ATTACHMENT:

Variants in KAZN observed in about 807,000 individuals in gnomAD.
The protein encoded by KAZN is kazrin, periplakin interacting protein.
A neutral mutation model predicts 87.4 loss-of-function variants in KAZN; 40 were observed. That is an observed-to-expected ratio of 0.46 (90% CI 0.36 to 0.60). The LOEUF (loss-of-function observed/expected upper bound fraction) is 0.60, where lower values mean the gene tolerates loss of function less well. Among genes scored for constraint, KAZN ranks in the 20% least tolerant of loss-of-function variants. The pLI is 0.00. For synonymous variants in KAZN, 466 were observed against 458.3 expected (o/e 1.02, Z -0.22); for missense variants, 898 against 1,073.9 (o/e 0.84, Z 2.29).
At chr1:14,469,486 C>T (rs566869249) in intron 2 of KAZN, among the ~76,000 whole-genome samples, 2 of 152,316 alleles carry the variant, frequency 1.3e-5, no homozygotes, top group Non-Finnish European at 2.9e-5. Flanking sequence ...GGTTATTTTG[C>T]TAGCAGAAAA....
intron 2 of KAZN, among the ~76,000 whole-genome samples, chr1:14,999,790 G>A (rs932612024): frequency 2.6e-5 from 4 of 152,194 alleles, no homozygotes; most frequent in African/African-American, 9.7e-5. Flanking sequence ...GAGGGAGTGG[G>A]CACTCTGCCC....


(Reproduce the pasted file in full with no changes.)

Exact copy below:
Variants in KAZN observed in about 807,000 individuals in gnomAD.
The protein encoded by KAZN is kazrin, periplakin interacting protein.
A neutral mutation model predicts 87.4 loss-of-function variants in KAZN; 40 were observed. That is an observed-to-expected ratio of 0.46 (90% CI 0.36 to 0.60). The LOEUF (loss-of-function observed/expected upper bound fraction) is 0.60, where lower values mean the gene tolerates loss of function less well. Among genes scored for constraint, KAZN ranks in the 20% least tolerant of loss-of-function variants. The pLI is 0.00. For synonymous variants in KAZN, 466 were observed against 458.3 expected (o/e 1.02, Z -0.22); for missense variants, 898 against 1,073.9 (o/e 0.84, Z 2.29).
At chr1:14,469,486 C>T (rs566869249) in intron 2 of KAZN, among the ~76,000 whole-genome samples, 2 of 152,316 alleles carry the variant, frequency 1.3e-5, no homozygotes, top group Non-Finnish European at 2.9e-5. Flanking sequence ...GGTTATTTTG[C>T]TAGCAGAAAA....
intron 2 of KAZN, among the ~76,000 whole-genome samples, chr1:14,999,790 G>A (rs932612024): frequency 2.6e-5 from 4 of 152,194 alleles, no homozygotes; most frequent in African/African-American, 9.7e-5. Flanking sequence ...GAGGGAGTGG[G>A]CACTCTGCCC....